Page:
Forward march to the Red House
latest NACTA poll has confirmed my expressed view that parliamentary
representatives, both PNM and UNC, are little more than useless.
So why should we increase their numbers?
The EBC recommended an increase from 36 to 41 for demographic
reasons. Colm Imbert argues however for 51 members of the
House of Representatives, not to provide any better representation
of the people, but purely for extra bodies to
attend parliamentary committee meetings.
Imbert overlooks the fact that Manning has made everyone a
minister, to keep them financially dependent on him, thus
his cabinet is probably three times the size of any cabinet
in any G8 country.
When Larry Achong resigned from cabinet and displayed his
two vital attributes of manhood, Manning rightly feared that
three disenchanted members could quickly escalate to six,
and threaten his leadership.
He suddenly appointed as junior ministers, elected MPs Fitzgerald
Hinds and Eudine Job-Davis, who had both been sulking in a
corner, since they were bypassed for ministries in favour
of senators. That is why there are no PNM backbenchers to
attend parliamentary committee meetings.
Then Manning increases the number to 61, ten more representatives
than Imbert. To any blind man, this is purely to overcrowd
the Parliament chamber, as justification for a new
parliament building, so he can get into the Red House.
Manning stands just behind the late Mootilal Moonan, the ambitious
mountain mover. Such is his Red House obsession that he too
will move mountains to get into the Red House.
Manning has steadfastly refused to put his Red House ambitions
to the people for discussion and instead relies solely on
a Canadian adviser whom he has paid to tell him what he wants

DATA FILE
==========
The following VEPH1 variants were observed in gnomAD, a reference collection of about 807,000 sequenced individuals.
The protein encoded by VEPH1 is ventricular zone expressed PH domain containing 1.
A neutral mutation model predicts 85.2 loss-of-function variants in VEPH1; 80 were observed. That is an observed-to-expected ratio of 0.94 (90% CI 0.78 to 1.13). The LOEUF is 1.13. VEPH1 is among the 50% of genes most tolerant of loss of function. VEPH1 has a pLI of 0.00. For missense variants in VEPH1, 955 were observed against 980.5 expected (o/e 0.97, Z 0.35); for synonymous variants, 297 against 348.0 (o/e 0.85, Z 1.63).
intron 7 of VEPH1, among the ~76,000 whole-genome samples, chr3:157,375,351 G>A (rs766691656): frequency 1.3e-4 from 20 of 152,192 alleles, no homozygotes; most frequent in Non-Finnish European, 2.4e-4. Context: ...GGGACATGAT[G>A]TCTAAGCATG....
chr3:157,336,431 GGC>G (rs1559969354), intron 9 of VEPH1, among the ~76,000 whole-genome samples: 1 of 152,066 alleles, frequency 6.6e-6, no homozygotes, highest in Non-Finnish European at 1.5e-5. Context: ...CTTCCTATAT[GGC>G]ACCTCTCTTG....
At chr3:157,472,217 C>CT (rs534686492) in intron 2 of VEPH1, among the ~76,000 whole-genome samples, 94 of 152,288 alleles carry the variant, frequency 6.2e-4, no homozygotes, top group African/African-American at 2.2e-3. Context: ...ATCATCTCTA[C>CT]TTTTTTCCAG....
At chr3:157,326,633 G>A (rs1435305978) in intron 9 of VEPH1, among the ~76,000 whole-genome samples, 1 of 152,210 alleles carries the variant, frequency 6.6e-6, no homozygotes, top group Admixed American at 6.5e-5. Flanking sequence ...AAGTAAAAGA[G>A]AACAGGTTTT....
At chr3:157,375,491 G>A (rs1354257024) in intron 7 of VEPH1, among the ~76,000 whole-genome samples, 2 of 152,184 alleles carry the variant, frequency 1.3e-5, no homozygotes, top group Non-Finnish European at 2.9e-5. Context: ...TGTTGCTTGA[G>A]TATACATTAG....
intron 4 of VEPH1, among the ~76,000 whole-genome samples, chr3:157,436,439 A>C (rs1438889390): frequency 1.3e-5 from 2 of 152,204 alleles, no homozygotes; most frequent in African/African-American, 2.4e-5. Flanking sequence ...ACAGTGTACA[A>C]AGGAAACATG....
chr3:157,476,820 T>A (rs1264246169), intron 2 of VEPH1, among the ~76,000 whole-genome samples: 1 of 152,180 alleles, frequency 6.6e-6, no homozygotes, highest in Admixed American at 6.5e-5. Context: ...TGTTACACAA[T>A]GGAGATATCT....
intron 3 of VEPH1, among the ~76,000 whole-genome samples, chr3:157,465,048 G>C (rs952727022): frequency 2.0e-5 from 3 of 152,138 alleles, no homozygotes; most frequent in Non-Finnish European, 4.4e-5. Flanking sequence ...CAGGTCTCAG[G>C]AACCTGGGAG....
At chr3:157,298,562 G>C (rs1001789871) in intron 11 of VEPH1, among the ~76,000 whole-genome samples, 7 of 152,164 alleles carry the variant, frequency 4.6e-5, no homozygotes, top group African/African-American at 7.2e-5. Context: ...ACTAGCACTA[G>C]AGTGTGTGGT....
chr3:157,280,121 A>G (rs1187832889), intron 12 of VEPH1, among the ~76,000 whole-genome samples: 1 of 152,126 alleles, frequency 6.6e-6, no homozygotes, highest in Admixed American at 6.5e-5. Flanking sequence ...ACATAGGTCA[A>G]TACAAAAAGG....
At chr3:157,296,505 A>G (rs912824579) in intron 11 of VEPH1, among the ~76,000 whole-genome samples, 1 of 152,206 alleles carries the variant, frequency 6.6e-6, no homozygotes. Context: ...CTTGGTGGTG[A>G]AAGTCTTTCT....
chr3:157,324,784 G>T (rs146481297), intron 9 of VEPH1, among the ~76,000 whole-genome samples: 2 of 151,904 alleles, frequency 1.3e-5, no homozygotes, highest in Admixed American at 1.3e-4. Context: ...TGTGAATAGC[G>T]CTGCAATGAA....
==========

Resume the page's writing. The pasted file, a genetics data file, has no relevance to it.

So while crime remains the paramount issue for the nation,
and the Ansa/McAl poll tells us that the people of T&T
want neither Patrick nor Panday, Patrick cares nothing about
the peoples concerns as he advances inexorably to 2020,
confident that with Canadian support he will get into Trinidads
Horrors to get a mammogram
went to the Port-of-Spain hospital for a mammogram after a
doctor described a lump in my breast as suspicious.
I got an appointment but on arrival they told me they had
no film. The woman doing the mammogram promised that I would
be sure to get it next time. However at the next visit I was
again given a new appointment. I asked if the machine had
broken down but the receptionist said no. I asked if the woman
who has to do it was absent but they told me no.
No one could give me any answers. Everyone just looked as
if it was a secret. I then got a new appointment for July.
Minister Rahael boasted on TV that they are doing everything
to help cancer patients. Is that how? My mother died from
breast cancer and my sister took out one breast. Is that what
the minister wants to happen to me?
Why do poor people have to suffer so? At the Sangre Grande
hospital they told me that I have to pay. It is a crime to
can President do about crime?
most people in this country, I am deeply troubled by the rising
crime rate, and the inability of the authorities to reduce
I have been a victim on two separate occasions over the years,
and in both instances the perpetrators are walking around
free as birds, and I am constantly looking over my shoulder,
having installed more locks at home and having seriously curtailed
my activities at dusk.
I am however equally concerned by the people who are turning
attention away from the institutions which are established
to deal with this problem, and targeting the President of
our country, calling him to do something about crime.
Whereas I totally support the collection of signatures on
a petition which will be sent to President Richards, I ask
the organisers of the noble effort to attach a list to the
petition outlining precisely what actions they think the Head
of State can take to alleviate the problem.
I am not acquainted with our Constitution as perhaps I should
be, but my limited knowledge in this area has in the past
caused me to invite critics of the presidency to bear in mind
the limited powers which are invested in this office.
These powers, as I recall, are also bizarre to some extent.